Qunu in the Eastern Cape, where Nelson Mandela grew up. Photo: Bongiwe Mchunu

A South African flag sways back and forth from a tall pole inside the grounds of Nelson Mandela’s home in Qunu.

The flag has been high up on the pole for a little more than six weeks, a signal to villagers that Madiba, as he is affectionately known, is back in his rural home 30km south-west of Mthatha in the Eastern Cape.

While the country’s beloved elder statesman has retreated to his village home, and rumours abound that his stay may be permanent, sources close to the family insist that he is in good health and spirits.

“Tata is very well. He’s fat and looks like he’s happy and in good health. He sits and watches the cattle around the fields or reads the paper. There’s absolutely nothing wrong with him, he’s looking strong for an old man,” said one village elder close to the family during a visit The Star made to the village this weekend.

Zanomthetho Mtirara, chief of the nearby Mqhekezweni village where Mandela grew up from the age of nine, told The Star that he had enjoyed visits with his grandfather since his return to the village, during which they would sit out on his lawn and talk.

Mtirara is the grandson of a chief, Justice Mtirara, son of regent Jongintaba Dalindyebo who took Mandela in as a child and raised him as his own in Mqhekezweni.

Mandela arrived in the village in time for his 93rd birthday in July on a military aircraft with medical support personnel from the military.

Tall grey gates enclose his house alongside the main N2 road between Mthatha and East London, while a strong presence of guards act as security against unknown outsiders coming inside the homestead.

The chieftainess of Qunu, Nokwanele Balizulu, said that since Madiba’s return, his wife, Graca Machel, had made plans for sustainable development around the village. “She has initiated a project for the growth of vegetables in the village. An open site has already been earmarked. The field just needs poles to mark that it’s for the vegetable garden. I’m excited about this project as this will help our people who live in poverty; it will also help with people’s health,” said Balizulu.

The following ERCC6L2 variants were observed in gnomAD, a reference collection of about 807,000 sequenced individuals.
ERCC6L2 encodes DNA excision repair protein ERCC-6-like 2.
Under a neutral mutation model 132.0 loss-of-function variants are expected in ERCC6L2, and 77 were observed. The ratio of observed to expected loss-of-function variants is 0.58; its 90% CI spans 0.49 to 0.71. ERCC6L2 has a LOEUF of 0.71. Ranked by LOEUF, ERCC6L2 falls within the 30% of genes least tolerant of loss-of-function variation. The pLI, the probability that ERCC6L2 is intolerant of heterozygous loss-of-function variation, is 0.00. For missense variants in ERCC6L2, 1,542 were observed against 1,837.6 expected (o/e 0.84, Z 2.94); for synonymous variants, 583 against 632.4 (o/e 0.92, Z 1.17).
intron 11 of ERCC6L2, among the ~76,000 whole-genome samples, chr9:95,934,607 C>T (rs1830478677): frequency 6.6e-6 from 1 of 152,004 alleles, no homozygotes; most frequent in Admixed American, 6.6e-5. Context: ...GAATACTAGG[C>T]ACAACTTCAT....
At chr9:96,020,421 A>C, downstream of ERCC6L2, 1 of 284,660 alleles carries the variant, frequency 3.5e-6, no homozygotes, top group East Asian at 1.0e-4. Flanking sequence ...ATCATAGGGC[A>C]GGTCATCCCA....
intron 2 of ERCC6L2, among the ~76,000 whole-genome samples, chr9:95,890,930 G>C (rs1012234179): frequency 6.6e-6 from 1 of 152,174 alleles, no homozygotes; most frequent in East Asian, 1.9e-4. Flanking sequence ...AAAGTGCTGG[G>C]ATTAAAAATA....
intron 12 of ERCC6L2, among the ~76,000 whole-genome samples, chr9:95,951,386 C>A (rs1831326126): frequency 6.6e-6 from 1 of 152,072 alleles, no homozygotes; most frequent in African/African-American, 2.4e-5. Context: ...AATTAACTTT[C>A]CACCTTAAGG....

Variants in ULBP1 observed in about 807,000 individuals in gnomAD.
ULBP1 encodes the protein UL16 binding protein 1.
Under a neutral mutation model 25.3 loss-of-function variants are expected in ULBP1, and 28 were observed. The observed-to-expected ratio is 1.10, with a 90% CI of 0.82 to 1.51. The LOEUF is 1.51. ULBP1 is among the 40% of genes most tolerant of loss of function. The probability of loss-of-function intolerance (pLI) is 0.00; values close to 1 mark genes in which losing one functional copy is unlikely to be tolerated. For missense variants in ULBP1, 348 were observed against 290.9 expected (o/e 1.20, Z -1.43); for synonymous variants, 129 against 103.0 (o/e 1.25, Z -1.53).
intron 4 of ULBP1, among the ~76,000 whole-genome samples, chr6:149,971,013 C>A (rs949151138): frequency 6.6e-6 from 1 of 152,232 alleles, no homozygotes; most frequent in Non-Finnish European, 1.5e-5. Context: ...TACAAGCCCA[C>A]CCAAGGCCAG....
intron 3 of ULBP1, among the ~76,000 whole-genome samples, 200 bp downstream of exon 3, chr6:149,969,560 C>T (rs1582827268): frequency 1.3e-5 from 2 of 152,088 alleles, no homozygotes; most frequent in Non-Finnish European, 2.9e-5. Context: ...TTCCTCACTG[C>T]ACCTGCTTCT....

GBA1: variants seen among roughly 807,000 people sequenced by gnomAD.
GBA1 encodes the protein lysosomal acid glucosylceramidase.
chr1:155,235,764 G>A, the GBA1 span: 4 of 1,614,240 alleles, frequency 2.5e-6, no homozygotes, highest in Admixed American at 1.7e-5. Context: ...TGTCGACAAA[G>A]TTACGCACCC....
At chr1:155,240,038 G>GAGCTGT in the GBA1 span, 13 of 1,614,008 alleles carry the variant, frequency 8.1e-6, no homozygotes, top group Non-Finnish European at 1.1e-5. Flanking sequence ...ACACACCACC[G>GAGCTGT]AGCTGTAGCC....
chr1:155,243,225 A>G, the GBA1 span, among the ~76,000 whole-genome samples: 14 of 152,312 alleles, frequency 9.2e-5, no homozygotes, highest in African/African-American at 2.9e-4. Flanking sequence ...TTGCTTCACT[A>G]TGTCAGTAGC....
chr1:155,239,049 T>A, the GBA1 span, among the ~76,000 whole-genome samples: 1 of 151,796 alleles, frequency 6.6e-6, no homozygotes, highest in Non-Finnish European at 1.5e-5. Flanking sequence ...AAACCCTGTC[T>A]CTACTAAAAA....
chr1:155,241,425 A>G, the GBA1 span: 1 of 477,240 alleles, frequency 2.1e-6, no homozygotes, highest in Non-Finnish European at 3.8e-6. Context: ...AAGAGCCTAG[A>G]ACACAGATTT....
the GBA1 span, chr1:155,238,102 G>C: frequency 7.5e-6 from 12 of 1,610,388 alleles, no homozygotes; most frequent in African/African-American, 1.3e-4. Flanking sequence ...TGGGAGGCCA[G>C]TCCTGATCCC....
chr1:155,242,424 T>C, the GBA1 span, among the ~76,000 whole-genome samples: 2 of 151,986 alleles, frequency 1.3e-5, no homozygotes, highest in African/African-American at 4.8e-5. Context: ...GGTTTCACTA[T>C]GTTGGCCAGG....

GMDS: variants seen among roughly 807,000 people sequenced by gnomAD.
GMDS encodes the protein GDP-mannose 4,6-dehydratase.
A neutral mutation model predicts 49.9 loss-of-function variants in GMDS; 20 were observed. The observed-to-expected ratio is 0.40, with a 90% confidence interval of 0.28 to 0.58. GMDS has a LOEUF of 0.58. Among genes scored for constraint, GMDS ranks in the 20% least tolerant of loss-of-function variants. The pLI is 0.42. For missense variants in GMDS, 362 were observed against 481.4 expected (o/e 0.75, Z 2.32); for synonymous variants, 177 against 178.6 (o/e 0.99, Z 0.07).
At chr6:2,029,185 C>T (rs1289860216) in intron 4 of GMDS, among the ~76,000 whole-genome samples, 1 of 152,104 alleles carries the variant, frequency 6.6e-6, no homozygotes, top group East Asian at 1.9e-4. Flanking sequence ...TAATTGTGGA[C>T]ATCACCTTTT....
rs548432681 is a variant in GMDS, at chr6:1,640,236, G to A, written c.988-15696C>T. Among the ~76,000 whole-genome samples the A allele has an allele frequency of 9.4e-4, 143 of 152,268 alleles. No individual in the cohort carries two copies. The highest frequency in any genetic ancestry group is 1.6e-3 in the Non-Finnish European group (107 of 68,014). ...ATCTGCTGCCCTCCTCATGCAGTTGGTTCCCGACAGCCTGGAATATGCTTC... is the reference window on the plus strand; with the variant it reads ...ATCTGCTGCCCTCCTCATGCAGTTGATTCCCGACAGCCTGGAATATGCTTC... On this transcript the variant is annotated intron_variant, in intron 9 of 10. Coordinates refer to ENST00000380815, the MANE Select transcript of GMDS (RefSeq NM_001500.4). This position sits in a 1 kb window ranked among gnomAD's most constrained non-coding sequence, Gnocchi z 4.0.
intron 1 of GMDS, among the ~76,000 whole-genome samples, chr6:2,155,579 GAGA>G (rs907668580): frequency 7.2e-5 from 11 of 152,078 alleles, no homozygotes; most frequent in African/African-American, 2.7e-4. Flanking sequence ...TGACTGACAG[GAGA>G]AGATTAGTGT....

She lives across the road from Mandela’s homestead in a pale green house with a small tuckshop and post office in her yard.

She had told The Star previously that villagers looked at Madiba as “our Jesus” because when he was around, something good would happen.

News of Mandela’s ailing health made headlines in January after he was admitted to Milpark Hospital in Joburg for “routine tests”.

He visited Qunu in May when the remains of his three children, Thembekile, Makgatho and Makasizwe, were exhumed from the family cemetery and reburied in Mvezo – the village where he was born, 40km from Qunu. The children were from his first marriage with Evelyn Mase. Mandela’s grandson, the chief of Mvezo, made the order for the exhumations.

There has been no official confirmation from the family that Madiba’s stay in Qunu will be permanent. - The Star